Only time will tell the impact these two young men will have upon the cause of God. As we considered these two godly young men, we decided to ask both of them to consider taking over management of the Maranatha Medical Ministries Outpost, Honduras, after their graduation. We advised them to pray for God’s direction for their lives, and to ask Him, if this was in keeping with His will for them. After one week of earnest praying, Roger and Rene accepted the call. They have agreed not only to take over the Outpost, but the clinic and the restaurant, as well, and to be active leaders in the local church.
Yes, this is a tremendous responsibility for these men, but a glorious one for the advancement of the Lord’s work. Elsa and I will continue to be here, to mentor them a bit longer. But they know that the day will come, when they will independently have to make all the decisions. They do not know it yet, but soon, we are going to give them a temporary trial run at making all of the decisions. This is a wonderful day for the ministry. God has allowed us to see the fruit of our labors.
Few will ever experience what it is like to work as a missionary in a third world country. Thousands go on mission trips every year to countries like Honduras, but always knowing that they will return home in a few short weeks. This is not to say that we have done something extraordinary. To be quite honest with you, we had no idea that we would still be working, harder than ever, eleven years later. Yes, there are many disappointments, and countless hardships, but God always gives us the strength to move forward in Him. Some foreign missionaries may never see the fruits of their labors; yet, God has been gracious to us, in allowing us to see some of the rewards. He loves to encourage His children, and show us that our work, His work, has not been in vain.
Just recently we had a graduation for the two young missionaries—Roger and Rene. They have suffered in order to attend our school. They have had to learn subjects that are not taught at any other school in this country. They have had to endure ridicule from peers and older folk alike. They had to be trained in so many things that seemed foreign to them, but they trusted in God to direct and strengthen them. Whenever we place our complete faith and trust in God, we cannot fail. This has proved true in the case of our two young missionaries.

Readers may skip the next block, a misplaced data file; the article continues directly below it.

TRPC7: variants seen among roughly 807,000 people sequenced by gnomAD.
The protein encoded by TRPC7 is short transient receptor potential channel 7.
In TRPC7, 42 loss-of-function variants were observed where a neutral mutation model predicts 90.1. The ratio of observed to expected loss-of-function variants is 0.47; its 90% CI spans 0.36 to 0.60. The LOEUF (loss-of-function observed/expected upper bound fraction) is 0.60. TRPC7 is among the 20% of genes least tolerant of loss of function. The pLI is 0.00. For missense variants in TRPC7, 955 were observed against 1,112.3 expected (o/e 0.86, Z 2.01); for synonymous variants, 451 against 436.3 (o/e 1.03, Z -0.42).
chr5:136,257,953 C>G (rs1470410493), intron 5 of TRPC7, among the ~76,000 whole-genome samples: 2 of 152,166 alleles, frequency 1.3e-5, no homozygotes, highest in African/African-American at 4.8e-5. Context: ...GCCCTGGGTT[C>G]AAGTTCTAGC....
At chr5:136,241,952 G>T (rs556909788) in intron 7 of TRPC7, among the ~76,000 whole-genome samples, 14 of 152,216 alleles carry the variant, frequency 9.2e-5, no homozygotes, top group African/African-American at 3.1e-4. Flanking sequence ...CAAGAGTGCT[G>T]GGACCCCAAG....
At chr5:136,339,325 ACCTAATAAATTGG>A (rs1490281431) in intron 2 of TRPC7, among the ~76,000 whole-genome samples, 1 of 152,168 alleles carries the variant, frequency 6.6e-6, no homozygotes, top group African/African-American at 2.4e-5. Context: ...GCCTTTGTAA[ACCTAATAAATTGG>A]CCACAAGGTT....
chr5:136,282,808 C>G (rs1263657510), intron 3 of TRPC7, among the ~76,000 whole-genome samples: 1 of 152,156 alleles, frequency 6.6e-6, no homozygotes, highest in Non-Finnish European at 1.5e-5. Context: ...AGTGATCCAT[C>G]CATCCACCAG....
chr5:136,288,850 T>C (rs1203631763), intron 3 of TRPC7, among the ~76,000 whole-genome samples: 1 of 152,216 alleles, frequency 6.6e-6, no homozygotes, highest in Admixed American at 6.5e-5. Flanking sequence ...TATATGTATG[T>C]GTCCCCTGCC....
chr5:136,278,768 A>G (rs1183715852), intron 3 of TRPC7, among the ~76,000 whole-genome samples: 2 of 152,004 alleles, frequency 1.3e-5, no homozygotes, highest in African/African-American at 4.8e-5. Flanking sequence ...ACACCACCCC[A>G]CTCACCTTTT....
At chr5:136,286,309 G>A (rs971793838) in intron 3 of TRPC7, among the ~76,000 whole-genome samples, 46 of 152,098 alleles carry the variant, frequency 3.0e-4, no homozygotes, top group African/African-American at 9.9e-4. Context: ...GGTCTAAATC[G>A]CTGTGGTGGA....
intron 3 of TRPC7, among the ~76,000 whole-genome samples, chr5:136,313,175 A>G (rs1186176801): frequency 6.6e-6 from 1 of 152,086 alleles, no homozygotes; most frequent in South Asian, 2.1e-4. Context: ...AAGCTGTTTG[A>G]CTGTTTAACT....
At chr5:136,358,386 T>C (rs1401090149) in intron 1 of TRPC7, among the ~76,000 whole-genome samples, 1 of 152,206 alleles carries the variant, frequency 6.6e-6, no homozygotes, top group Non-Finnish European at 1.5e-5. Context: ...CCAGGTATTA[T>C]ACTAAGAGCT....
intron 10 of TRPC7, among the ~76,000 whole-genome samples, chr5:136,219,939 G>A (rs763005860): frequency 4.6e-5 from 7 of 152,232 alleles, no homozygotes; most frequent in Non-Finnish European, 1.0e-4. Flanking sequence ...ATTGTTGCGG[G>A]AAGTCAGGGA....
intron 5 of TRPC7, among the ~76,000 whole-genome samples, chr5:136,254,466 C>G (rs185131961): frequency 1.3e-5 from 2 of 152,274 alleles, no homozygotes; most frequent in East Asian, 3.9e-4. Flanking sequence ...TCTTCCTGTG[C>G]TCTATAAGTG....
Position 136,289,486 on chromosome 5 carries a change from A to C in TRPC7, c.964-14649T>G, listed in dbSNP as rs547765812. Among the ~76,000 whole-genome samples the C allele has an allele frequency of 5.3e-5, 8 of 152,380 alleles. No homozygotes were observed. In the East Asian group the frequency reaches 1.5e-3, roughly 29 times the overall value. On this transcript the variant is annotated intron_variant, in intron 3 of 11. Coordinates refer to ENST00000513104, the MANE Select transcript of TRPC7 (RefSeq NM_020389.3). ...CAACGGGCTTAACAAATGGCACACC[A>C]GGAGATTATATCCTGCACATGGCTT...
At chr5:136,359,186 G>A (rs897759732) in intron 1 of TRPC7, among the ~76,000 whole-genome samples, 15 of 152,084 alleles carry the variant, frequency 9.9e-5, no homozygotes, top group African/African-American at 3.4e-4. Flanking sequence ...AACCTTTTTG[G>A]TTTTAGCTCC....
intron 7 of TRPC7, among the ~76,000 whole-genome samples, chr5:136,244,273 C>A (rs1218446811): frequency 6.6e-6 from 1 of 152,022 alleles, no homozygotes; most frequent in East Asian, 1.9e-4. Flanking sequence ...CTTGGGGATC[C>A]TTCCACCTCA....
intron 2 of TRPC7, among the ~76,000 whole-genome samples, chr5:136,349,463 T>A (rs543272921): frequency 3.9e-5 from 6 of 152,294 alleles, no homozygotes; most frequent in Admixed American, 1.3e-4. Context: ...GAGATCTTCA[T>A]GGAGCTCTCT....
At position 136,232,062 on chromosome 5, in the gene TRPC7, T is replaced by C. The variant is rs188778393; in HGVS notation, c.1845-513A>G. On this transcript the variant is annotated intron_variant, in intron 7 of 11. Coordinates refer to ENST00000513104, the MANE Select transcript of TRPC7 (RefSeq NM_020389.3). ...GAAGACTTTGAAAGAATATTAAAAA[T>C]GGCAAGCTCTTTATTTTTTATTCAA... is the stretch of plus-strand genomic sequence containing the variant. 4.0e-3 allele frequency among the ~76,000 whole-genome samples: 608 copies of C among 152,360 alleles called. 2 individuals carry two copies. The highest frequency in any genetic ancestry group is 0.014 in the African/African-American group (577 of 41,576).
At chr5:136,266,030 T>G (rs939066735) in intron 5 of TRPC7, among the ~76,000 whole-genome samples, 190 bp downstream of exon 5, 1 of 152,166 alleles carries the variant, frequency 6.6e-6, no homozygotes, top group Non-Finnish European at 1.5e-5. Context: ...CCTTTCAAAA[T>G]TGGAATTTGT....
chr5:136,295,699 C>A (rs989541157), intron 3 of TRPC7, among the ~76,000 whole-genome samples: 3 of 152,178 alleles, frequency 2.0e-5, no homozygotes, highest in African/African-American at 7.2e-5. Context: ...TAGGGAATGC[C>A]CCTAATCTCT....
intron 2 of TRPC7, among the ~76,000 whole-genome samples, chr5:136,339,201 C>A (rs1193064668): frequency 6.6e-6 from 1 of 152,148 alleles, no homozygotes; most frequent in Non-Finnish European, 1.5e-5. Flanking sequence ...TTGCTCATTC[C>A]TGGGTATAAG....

I wish each and every one of you, who have prayed, supported, and encouraged us, could have been here to witness this special event. What a day of rejoicing it was—at the Outpost and in Heaven.
Why are we afraid to educate our children in the School of Christ? Can we not trust God with giving our youth all that they need to “make it” in this world, as well as prepare them for Christian service? “The Lord Jesus has paid your tuition fees. All that you have to do is to learn of Him…. All who learn in Christ’s school are under the training of heavenly agencies; and they are never to forget that they are a spectacle to the world, to angels, and to men…. Upon every heart there is to be inscribed the words, as with the point of a diamond, ‘There is nothing that I fear, save that I shall not know my duty, or shall fail to do it.’” Our High Calling, 102.
Days after the completion of their training, our missionary graduates received a call to preach at a church on the Honduras Island of Roatan. This was the first time the young men had been off of the mainland, and it was a great opportunity for them to exercise their public speaking skills, and also, to share with the islanders God’s present truth message. Needless to say, Roger and Rene were both nervous and excited, but they knew this was a call from God and were eager to do their best. Roger presented the eleven o’clock message. It was a very convicting message on the importance of medical missionary work. I wish you could have heard him. God used this young man in such a powerful way. Elsa and I were speechless, to see how confidant, poised and spiritually gifted he was. We both realized that what we were witnessing was not a result of anything we had done, but rather the transforming power of God in Roger’s life.
After the services, the people were amazed at the wealth of information this young man gave them. They wanted more and more. What we are teaching our young men to do now is to always be humble and give God alone the honor and glory. God is opening up more doors for these young men.
We just thank the Lord that He has graciously allowed us to see some of the fruit of our labors. We request that you will remember Roger and Rene in your prayers as they enter their field of missionary labor.
By Joe Willis, Maranatha Medical Ministries, Honduras. E-mail: firstname.lastname@example.org Website: www.maranathamedical.org. Donations can be sent to Maranatha Medical Ministries, PO Box 390, Keysville, VA 23947.